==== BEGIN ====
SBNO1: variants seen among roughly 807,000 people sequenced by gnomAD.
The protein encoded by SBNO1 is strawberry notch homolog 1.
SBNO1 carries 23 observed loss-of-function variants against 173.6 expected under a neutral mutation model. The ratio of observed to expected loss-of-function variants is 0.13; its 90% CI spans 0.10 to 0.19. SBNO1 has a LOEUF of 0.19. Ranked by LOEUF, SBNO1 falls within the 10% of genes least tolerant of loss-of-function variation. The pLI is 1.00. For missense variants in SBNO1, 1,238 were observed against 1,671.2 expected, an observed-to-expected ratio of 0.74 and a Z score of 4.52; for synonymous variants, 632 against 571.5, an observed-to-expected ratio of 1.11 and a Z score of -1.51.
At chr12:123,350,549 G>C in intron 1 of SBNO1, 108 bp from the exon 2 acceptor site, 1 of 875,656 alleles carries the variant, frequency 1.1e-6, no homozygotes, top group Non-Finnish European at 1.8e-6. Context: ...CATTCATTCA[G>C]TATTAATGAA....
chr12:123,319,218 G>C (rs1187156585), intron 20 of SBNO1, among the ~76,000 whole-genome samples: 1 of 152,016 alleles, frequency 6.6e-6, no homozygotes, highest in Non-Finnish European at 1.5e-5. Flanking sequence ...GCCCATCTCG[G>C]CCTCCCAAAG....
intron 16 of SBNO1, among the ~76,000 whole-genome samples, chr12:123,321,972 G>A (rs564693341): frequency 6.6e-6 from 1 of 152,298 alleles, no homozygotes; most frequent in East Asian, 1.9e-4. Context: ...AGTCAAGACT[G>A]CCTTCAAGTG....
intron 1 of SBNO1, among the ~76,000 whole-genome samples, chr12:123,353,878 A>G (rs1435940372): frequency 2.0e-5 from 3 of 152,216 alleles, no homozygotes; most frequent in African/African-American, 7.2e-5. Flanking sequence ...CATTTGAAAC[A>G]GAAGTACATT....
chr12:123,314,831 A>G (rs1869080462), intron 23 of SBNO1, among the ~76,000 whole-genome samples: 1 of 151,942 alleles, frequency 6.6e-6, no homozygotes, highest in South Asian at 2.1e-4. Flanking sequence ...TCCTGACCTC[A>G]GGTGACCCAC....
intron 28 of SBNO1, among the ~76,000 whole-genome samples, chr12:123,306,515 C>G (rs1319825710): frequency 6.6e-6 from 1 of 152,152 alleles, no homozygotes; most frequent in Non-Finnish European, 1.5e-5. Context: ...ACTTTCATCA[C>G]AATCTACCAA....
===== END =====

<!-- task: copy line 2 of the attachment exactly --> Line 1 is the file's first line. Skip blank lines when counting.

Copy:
The protein encoded by SBNO1 is strawberry notch homolog 1.